The boy began attacking the game in earnest at age 13. At the Standard Club, where his father was a member, Dreyfus spent up to five hours a day on the practice tee struggling with his temper and an unsound swing. For him golf became more an exercise in mental discipline than a game—and his mastery of his emotions later helped him not only at cards but in the stock market as well. At 16 he was both club champion and city champion of Montgomery. At Lehigh University he barely got passing grades. College contained no challenge for him except as a member of the golf team; his only other real interest in life was bridge. By the middle ’30s he had drifted to New York and into and out of a succession of unexciting jobs. In 1937, when he was 25, Dreyfus joined Manhattan’s card-playing Cavendish Club and decided to devote himself to cards and golf. “I never became a 100 percent bridge bum,” he says. But the distinction is a fine one. Although he had finally accepted a routine job in Wall Street, Dreyfus couldn’t wait for the market to close each day at 3:30 p.m. so he could dash uptown to the Cavendish. He had been a first-rate player back home, but what he encountered in this habitat of bridge champions distressed him.
“Part of their game was to make you feel like an idiot,” he says. “I was terrified every time I drew one of the big names of the game as a partner. I found myself bidding what I thought he wanted me to instead of using my own judgment.” In a game where ego is crucial Dreyfus suffered acutely. Lack of confidence made him a “caddie” rather than a “personality”—as he puts it—until one day, quite unexpectedly, he solved the riddle of another card game. He was kibitzing a gin rummy session at the Cavendish, mentally computing the odds on various methods of discard, when the revelation came. What he discovered was an advantageous system for discarding what an opponent was not likely to need. In its simplest form, his system was to throw out, whenever possible, one card higher or lower than an opponent’s discard—but in another suit. This seemingly elementary formula gave him a significant mathematical advantage over conventional discarding. With this bit of knowledge—which he kept to himself—plus his highly developed card sense and intuition, Dreyfus became practically unbeatable at gin rummy. One by one the experts gave up challenging him. Later, when he let his opponents in on the secret, two of the better-known pros, Oswald Jacoby and John Crawford, wrote books on gin rummy using Dreyfus’ system as a basic theme. His superiority at gin also gave him back his confidence at bridge.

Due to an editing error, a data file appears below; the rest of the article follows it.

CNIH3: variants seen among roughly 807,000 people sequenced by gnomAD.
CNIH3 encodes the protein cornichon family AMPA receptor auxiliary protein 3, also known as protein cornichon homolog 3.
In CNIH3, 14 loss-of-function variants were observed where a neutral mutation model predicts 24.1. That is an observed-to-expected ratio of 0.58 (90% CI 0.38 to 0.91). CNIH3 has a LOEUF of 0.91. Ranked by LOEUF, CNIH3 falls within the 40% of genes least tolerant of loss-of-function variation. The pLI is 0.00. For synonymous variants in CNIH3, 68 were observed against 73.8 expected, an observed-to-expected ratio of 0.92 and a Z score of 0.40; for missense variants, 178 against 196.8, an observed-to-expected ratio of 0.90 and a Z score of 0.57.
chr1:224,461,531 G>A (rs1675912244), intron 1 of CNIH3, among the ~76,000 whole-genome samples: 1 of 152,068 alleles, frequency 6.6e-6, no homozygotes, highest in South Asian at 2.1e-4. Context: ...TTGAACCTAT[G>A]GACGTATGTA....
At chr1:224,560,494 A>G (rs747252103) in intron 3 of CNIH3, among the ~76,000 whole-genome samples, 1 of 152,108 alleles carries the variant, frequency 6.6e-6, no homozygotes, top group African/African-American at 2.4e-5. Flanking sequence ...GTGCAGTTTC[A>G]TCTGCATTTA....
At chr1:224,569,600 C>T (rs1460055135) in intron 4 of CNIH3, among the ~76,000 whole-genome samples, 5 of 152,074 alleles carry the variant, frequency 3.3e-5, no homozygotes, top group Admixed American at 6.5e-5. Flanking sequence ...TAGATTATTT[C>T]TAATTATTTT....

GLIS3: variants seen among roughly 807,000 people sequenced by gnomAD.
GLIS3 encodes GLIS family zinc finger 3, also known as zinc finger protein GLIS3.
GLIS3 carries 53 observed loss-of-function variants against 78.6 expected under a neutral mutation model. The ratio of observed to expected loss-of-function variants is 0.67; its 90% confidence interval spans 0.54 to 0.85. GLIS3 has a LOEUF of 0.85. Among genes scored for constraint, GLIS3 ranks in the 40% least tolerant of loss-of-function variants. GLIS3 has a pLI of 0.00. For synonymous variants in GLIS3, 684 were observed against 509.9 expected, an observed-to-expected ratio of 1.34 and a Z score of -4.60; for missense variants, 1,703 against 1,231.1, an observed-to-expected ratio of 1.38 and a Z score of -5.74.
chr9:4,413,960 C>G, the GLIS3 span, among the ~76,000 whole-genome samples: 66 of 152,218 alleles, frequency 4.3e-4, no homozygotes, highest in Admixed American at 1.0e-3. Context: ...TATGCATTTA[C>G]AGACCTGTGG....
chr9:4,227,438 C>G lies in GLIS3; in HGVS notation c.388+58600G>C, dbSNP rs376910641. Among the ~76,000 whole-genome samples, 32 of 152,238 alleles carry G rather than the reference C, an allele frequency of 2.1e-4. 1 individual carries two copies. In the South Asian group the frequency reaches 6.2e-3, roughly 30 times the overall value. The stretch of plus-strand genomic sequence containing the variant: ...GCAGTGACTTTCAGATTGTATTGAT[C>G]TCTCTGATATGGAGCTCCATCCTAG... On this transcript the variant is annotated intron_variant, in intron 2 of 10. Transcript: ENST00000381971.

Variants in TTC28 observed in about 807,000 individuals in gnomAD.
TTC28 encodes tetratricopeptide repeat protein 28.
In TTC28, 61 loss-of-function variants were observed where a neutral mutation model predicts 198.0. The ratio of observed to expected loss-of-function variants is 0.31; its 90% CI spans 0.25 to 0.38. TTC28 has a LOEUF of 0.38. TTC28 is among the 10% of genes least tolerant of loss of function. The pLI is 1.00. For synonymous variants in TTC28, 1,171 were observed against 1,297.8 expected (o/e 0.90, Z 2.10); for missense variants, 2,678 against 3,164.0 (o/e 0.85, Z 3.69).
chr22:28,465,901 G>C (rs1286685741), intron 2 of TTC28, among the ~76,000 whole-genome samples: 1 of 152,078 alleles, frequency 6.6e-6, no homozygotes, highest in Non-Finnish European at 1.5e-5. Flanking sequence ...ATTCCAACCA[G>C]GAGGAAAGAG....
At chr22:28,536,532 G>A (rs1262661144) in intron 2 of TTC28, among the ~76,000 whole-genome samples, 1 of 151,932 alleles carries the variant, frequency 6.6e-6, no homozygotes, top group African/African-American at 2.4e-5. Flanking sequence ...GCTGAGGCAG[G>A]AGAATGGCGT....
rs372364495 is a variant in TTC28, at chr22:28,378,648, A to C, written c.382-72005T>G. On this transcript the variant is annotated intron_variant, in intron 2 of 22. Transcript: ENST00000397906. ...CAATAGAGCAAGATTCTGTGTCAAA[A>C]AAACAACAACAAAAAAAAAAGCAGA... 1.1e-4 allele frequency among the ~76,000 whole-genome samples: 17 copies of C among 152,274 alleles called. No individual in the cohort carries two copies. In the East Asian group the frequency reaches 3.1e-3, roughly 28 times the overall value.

With this essential ingredient restored, Dreyfus took part on equal terms in cutthroat sessions with such masters as Howard Schenken and Baron Waldemar von Zedtwitz. “He could be brilliant when he really bore down,” says George Rapee, one of the group. Although he did compete successfully in tournaments, Dreyfus preferred the man-to-man challenge of informal money games.